What is claimed is:
1. In a television image transmission system of the type wherein a single storage device is controllably biased to write, read and erase modes of operation both for the selection of a particular frame of television information for transmission to a remote receiver location by an audio communications link and for the reception and re-creation of frame information so transmitted, and in which there is included:
an amplifier stage having an input terminal to which image representative television information is supplied and an output terminal at which amplified versions of said image representative information is developed for application to said storage device for the selection or re-cr'eation of said information dependent upon when said device is operating within said system in the transmitting or receiving mode;
first means for biasing said amplifier stage to develop amplified image representative signals of a first magnitude at its output terminal referenced to a first direct current level;
second means for biasing said amplifier stage to develop amplified image representative signals of a second, different magnitude at its output terminal referenced to a second, different direct current level;
and first control means coupled to said first and second biasing means for conditioning at least one of said biasing means to operation to set the magnitude of developed amplified signals and the direct current level to which said amplified signals are referenced;
said first control means also being dependent upon the mode of operation of said storage device within said television image transmission system to establish Class A amplifier operation and said first signal magnitude and direct current level as a reference when said storage device is employed to select a particular television frame for transmission and to establish Class B amplifier operation and said second signal magnitude and direct current level as a reference when said storage device is employed to re-create a television frame received along said audio communications link; the combination therewith of: second control means coupled to said amplifier stage for applying energizing potentials thereto substantially only when said storage device is biased to its write" mode of operation, and to thereby reduce the quiescent power dissipated within said stage during the read and erase modes of operation of said device. 2. The combination of claim 1 wherein said amplifier stage includes a pair of transistors coupled in cascade connected, grounded emitter amplifier configurations and wherein said second control means applies said energizing potentials to both of said pair of transistors substantially only during the time at which said storage device is biased to its write operational mode.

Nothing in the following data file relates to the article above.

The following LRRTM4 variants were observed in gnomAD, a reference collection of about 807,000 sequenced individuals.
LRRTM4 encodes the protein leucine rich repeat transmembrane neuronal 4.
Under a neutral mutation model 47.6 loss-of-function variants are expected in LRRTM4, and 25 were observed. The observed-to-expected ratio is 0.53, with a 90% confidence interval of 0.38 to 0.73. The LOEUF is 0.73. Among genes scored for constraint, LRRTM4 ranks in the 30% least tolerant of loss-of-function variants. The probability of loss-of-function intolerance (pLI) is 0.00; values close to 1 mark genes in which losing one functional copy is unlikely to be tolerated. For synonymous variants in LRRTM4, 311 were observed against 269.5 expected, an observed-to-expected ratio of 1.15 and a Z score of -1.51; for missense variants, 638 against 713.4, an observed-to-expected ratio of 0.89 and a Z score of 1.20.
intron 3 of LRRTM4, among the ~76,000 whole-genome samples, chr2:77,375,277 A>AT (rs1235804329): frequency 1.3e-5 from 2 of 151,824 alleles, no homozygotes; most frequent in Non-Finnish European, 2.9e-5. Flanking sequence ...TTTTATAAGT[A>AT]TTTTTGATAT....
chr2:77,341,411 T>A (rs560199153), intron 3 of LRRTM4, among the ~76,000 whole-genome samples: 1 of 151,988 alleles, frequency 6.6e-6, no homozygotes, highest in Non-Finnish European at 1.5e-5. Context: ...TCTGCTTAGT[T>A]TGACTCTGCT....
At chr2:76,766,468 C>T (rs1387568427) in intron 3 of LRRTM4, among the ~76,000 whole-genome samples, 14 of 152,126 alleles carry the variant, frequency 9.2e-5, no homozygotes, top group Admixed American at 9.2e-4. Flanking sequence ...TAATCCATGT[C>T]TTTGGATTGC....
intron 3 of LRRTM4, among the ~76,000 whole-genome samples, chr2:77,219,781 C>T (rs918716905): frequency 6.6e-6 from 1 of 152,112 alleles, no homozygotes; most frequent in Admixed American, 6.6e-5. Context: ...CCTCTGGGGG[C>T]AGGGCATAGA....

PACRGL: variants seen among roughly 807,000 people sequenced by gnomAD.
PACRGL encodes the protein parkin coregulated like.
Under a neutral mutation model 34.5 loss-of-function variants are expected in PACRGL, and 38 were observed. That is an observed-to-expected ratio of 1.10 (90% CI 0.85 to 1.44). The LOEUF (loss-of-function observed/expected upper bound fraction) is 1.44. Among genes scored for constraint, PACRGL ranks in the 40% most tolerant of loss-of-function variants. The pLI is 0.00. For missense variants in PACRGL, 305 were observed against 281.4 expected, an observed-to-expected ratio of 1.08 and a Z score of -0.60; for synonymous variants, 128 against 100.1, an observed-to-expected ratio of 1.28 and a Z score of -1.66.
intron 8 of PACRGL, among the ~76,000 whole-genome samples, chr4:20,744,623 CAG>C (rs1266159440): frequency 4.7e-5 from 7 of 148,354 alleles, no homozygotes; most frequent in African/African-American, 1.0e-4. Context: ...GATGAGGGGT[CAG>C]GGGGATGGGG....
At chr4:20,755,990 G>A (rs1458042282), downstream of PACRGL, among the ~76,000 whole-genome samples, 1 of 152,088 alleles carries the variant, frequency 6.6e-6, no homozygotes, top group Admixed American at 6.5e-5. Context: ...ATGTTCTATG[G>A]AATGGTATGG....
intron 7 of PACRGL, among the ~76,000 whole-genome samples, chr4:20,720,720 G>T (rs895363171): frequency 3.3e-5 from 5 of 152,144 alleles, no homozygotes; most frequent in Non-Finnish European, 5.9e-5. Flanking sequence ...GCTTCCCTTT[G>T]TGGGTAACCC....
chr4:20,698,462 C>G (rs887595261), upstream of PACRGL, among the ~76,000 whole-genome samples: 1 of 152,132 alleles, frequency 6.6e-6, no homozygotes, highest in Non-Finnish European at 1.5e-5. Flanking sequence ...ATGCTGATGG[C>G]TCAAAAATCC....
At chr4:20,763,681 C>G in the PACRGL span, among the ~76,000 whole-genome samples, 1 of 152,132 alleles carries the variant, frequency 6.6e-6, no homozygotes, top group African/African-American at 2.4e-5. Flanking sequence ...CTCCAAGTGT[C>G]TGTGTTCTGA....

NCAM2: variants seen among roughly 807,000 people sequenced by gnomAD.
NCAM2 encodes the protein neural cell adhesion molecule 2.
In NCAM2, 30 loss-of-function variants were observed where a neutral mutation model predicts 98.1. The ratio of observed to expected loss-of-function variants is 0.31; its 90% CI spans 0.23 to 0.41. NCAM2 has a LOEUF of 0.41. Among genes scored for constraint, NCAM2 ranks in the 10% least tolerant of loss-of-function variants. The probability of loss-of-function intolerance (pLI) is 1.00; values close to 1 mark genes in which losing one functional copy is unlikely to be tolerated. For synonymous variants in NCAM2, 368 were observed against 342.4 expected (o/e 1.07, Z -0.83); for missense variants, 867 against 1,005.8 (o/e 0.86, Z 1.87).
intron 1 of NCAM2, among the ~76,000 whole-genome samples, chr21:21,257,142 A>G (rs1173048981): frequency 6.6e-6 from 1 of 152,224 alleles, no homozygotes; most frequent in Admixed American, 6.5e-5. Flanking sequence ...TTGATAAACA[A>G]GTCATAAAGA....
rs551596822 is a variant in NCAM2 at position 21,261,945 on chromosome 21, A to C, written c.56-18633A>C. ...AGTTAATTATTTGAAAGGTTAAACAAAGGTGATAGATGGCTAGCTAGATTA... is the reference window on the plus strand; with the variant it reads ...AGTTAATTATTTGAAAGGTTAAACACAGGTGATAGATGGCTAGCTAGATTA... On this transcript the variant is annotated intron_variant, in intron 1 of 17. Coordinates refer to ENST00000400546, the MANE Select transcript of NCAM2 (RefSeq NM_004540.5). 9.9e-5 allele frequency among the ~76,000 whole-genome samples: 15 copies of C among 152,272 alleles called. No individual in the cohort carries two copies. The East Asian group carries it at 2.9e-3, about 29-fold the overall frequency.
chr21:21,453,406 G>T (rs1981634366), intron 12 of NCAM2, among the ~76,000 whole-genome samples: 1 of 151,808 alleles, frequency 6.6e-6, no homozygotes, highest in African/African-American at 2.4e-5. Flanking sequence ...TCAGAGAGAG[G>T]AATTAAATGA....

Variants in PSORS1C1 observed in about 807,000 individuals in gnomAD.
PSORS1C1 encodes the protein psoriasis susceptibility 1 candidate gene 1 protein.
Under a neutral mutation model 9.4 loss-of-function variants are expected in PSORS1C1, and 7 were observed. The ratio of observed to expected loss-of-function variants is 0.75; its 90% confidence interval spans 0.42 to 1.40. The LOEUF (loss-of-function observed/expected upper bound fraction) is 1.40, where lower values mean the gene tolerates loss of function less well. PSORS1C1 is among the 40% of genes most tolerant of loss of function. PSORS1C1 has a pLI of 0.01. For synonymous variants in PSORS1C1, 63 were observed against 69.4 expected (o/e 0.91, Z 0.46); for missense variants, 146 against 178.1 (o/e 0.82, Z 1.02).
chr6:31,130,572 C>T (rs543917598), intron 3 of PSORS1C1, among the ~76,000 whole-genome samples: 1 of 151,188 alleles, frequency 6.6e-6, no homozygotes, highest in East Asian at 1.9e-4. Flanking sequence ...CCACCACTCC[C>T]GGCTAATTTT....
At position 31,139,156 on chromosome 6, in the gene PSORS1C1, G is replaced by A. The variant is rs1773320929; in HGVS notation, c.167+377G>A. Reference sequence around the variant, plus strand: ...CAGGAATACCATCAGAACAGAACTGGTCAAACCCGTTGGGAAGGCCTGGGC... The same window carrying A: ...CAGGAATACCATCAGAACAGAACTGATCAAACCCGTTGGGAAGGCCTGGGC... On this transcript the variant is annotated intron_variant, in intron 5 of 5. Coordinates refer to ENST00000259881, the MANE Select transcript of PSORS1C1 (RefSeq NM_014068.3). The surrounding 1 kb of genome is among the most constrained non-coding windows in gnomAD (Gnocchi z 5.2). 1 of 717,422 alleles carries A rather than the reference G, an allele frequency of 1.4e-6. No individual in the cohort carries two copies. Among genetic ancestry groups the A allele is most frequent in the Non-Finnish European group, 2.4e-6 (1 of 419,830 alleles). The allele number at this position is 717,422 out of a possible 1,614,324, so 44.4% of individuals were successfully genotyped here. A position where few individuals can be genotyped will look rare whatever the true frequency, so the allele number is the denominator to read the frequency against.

3. The combination of claim 2 wherein vsaid second control means applies a first energizing potential substantially continuously to the input transistor of said cascade connected pair and applies a second energizing potential to the output transistor of said cascade pair substantially only when said storage device is biased to its write mode of operation.
4. The combination of claim 3 wherein said pair of transistors are of opposite polarity type and wherein said second control means includes a third transistor serially coupled between the collector electrode of the output transistor of said cascade connected pair and an included source of energizing potential therefor.
5. The combination of claim 4 wherein there is further included means providing an input signal to bring ,said third transistor to a conductive state substantially only during the time said storage device is controllably biased to its write mode.
|Cited Patent||Filing date||Publication date||Applicant||Title|
|US2629010 *||Dec 30, 1949||Feb 17, 1953||Bell Telephone Labor Inc||Television system having reduced transmission bandwidth|
|US3628166 *||Jun 3, 1970||Dec 14, 1971||Rca Corp||Wide-band amplifier|
|Citing Patent||Filing date||Publication date||Applicant||Title|
|US4710917 *||Apr 8, 1985||Dec 1, 1987||Datapoint Corporation||Video conferencing network|
|US4716585 *||Apr 5, 1985||Dec 29, 1987||Datapoint Corporation||Gain switched audio conferencing network|
|U.S. Classification||348/707, 379/93.17, 315/13.11, 330/285, 348/E07.45, 348/440.1|
|Apr 14, 1988||AS||Assignment|
Owner name: RCA LICENSING CORPORATION, TWO INDEPENDENCE WAY, P
Free format text: ASSIGNMENT OF ASSIGNORS INTEREST.;ASSIGNOR:RCA CORPORATION, A CORP. OF DE;REEL/FRAME:004993/0131
Effective date: 19871208